The third “S” is “significance”, the sense that one is meaningful, important, and treasured to at least one other person. In the Garden, there was first… Adam. Adam and God, there they were. Made in God’s image, male and female, Adam and Eve created in God’s own image. Given free reign of the Garden. Able to eat of all but one tree. Naming each animal as presented by God. Called forth to walk with Him in the cool of the evening. Important to God, you think? Significant? Treasured? Or as in Psalm 23, sitting down at a table prepared for man by the Lord in the presence of enemies? Head anointed with oil? Cup running over? To dwell in God’s house forever?
This is to be acknowledged, important, treasured. This is to be free of the all too common fear that we and our lives are meaningless, that we are but cattle in a herd, a nameless cipher among a crowd of equally insignificant parts.
Could it be that the third requirement of true “Happiness”… of “Wholeness”… is to be utterly significant and treasured?
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As I pondered these potential “Answers”, and began to focus on the “Question”, I realized that this is a bigger answer than I can even define. This seems to hold true on every scale, in every application. Countries, races, kingdoms, empires go to war over a lack in one or another of these. Wars and genocides happen when a people gathers strength in order to meet what they consider a “need”, or a “threat”, or the hunger for “prestige”. States go to civil war for what seem to be the same reasons. Families feud, political parties wrangle, and individuals fight, maneuver, argue over these same perceived places of emptiness.
What to do? How do we promote joy, happiness, peace… “Wholeness” and Love?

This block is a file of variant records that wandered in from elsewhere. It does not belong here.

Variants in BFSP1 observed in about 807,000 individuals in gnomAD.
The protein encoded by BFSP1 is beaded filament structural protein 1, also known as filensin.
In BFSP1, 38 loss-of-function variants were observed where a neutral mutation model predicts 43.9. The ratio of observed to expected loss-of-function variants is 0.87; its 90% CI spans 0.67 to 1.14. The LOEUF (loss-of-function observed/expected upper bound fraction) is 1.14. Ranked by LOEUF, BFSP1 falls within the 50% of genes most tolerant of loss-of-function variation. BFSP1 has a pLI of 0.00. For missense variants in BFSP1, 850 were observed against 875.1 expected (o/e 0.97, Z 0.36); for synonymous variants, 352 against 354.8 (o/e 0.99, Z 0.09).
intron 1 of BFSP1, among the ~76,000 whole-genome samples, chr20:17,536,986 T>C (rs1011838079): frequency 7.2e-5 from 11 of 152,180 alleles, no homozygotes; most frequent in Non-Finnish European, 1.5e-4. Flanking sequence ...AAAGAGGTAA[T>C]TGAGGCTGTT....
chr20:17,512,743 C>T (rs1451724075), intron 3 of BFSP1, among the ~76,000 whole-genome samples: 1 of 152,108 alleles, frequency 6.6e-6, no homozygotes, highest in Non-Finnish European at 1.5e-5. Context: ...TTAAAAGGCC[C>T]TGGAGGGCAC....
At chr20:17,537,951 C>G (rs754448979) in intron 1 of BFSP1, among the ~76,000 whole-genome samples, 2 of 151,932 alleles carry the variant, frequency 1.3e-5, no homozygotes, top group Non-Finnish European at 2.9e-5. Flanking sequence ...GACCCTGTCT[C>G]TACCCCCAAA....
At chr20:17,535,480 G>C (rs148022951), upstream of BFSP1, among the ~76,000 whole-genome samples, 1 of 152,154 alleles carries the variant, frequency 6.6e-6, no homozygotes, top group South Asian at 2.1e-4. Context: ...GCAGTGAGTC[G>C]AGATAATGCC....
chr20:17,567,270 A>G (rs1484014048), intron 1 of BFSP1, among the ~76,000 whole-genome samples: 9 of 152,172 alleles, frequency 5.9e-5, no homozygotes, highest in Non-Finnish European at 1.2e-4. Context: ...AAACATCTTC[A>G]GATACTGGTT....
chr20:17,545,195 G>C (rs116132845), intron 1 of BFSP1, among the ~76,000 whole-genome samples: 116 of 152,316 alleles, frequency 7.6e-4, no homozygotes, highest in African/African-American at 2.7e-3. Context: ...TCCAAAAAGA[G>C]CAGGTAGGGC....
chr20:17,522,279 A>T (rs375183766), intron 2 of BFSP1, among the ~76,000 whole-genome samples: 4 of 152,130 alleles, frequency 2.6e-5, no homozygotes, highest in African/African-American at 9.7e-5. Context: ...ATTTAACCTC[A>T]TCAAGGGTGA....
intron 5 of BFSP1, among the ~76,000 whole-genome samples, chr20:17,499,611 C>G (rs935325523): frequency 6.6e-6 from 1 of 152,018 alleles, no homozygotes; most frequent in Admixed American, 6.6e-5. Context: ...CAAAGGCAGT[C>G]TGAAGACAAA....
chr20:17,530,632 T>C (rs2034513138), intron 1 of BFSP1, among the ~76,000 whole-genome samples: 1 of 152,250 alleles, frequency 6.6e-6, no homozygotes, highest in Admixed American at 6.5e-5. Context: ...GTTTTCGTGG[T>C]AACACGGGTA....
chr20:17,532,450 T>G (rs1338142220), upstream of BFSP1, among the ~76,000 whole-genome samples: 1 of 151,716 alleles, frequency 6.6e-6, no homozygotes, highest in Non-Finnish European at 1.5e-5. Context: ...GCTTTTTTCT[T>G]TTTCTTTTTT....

Each of us have our own piece of Kingdom, our own relationships, our own sphere of influence. Whether this is community, home, workplace, church, or even one relationship at a time…
We know we are to “Love”, but that often breaks down at the “How do we do that?”
What if we try these three…
That every encounter be nurturing, meeting what need stands before us in the moment? Often the need is just some time and attention. Perhaps it is a meal, or a cool drink of water, or a gentle touch, or hug. (Obvious professional cautions apply, depending on the nature of the relationship.) Sometimes, the need is just silent presence.
That every encounter be safe, free of fear? Not just fear of physical harm or danger, but fear of being made to feel bad. Fear of being judged. Fear of being shamed or made to feel small or wrong. What if in each moment, someone felt their burdens lightened in your presence, rather than made heavier?
That every encounter be important and significant? That in the moments of interaction, the other person, group, party, were treasured as relationship to you? As if they were treasured by God Almighty? What if no one were an “interruption” or an “annoyance” or a “burden”, but rather they were a blessing to you as you are meant to be to them?
What’s the question, then?
What if the question is, “How has God always intended us to relate to one another?” What does it take to live a blessed joyful life? The Answer to Life, the Universe, and Everything…
And, how do we bring this about in our homes, our days, and our churches?
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3 x S = 42?
Maybe so. I just ponder these things now and again…
Grace to you, Gentle Reader! Bless! — The Little Monk